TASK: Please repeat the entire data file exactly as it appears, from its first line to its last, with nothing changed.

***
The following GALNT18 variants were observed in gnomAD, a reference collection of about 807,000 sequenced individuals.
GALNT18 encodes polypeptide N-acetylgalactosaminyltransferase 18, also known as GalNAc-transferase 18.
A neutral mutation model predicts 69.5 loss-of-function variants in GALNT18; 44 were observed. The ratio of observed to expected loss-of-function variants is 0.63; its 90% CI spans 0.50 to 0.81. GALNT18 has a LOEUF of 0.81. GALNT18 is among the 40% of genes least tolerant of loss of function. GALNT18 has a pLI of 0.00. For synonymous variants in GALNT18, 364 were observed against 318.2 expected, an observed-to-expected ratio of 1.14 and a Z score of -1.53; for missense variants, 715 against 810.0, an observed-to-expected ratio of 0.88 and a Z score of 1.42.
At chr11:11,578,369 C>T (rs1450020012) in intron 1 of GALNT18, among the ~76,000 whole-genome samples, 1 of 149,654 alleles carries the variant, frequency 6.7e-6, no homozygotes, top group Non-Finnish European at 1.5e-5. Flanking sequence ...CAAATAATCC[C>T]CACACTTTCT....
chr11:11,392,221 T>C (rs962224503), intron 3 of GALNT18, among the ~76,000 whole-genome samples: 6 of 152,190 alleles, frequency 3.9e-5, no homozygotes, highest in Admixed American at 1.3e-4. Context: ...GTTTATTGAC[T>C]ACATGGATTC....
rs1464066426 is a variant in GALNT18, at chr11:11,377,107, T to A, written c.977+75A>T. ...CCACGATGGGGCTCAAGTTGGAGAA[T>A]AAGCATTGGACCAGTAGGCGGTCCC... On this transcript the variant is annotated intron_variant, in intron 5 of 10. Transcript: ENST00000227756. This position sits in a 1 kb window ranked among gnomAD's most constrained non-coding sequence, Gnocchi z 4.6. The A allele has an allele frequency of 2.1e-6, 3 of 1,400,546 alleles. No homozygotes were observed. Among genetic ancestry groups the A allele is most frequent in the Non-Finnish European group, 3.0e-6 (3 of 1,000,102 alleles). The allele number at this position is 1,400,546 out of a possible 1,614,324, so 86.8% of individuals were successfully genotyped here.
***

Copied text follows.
The following GALNT18 variants were observed in gnomAD, a reference collection of about 807,000 sequenced individuals.
GALNT18 encodes polypeptide N-acetylgalactosaminyltransferase 18, also known as GalNAc-transferase 18.
A neutral mutation model predicts 69.5 loss-of-function variants in GALNT18; 44 were observed. The ratio of observed to expected loss-of-function variants is 0.63; its 90% CI spans 0.50 to 0.81. GALNT18 has a LOEUF of 0.81. GALNT18 is among the 40% of genes least tolerant of loss of function. GALNT18 has a pLI of 0.00. For synonymous variants in GALNT18, 364 were observed against 318.2 expected, an observed-to-expected ratio of 1.14 and a Z score of -1.53; for missense variants, 715 against 810.0, an observed-to-expected ratio of 0.88 and a Z score of 1.42.
At chr11:11,578,369 C>T (rs1450020012) in intron 1 of GALNT18, among the ~76,000 whole-genome samples, 1 of 149,654 alleles carries the variant, frequency 6.7e-6, no homozygotes, top group Non-Finnish European at 1.5e-5. Flanking sequence ...CAAATAATCC[C>T]CACACTTTCT....
chr11:11,392,221 T>C (rs962224503), intron 3 of GALNT18, among the ~76,000 whole-genome samples: 6 of 152,190 alleles, frequency 3.9e-5, no homozygotes, highest in Admixed American at 1.3e-4. Context: ...GTTTATTGAC[T>C]ACATGGATTC....
rs1464066426 is a variant in GALNT18, at chr11:11,377,107, T to A, written c.977+75A>T. ...CCACGATGGGGCTCAAGTTGGAGAA[T>A]AAGCATTGGACCAGTAGGCGGTCCC... On this transcript the variant is annotated intron_variant, in intron 5 of 10. Transcript: ENST00000227756. This position sits in a 1 kb window ranked among gnomAD's most constrained non-coding sequence, Gnocchi z 4.6. The A allele has an allele frequency of 2.1e-6, 3 of 1,400,546 alleles. No homozygotes were observed. Among genetic ancestry groups the A allele is most frequent in the Non-Finnish European group, 3.0e-6 (3 of 1,000,102 alleles). The allele number at this position is 1,400,546 out of a possible 1,614,324, so 86.8% of individuals were successfully genotyped here.